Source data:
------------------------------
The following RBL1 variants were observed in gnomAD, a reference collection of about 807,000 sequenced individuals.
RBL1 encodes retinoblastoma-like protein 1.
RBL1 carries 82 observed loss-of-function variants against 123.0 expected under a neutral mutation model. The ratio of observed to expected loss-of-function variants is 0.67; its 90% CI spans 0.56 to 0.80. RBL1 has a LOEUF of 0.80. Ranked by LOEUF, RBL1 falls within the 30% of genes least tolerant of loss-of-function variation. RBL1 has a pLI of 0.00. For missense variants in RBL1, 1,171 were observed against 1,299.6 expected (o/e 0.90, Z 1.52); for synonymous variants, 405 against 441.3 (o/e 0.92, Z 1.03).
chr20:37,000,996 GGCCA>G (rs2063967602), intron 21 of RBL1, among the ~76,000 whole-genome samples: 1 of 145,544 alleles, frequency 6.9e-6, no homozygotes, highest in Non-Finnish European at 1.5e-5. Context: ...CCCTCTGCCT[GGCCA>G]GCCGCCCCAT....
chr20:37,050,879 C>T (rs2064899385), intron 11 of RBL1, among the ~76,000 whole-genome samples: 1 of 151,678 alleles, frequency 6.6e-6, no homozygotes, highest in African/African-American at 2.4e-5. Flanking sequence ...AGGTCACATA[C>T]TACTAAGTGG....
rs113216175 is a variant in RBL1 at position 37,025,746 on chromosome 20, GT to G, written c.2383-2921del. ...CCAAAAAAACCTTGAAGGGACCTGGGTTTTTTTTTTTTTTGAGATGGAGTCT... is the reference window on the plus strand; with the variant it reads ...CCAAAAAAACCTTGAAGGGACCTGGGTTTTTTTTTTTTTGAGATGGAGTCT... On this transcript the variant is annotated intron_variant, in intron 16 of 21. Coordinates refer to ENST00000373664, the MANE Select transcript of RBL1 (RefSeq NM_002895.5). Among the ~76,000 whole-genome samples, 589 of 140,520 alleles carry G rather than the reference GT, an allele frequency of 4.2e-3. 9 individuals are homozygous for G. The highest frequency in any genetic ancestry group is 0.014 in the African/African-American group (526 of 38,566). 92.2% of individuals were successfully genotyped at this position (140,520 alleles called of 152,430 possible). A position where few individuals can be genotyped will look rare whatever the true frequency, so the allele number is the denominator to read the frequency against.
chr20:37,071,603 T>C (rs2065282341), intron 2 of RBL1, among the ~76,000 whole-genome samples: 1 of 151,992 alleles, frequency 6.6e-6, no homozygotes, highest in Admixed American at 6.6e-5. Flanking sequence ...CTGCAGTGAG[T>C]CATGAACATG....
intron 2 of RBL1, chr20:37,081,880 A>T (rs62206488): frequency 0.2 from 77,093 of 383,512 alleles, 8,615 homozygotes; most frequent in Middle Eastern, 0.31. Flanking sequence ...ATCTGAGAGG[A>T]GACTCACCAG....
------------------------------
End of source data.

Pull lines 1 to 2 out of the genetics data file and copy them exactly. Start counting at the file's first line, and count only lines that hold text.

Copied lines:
The following RBL1 variants were observed in gnomAD, a reference collection of about 807,000 sequenced individuals.
RBL1 encodes retinoblastoma-like protein 1.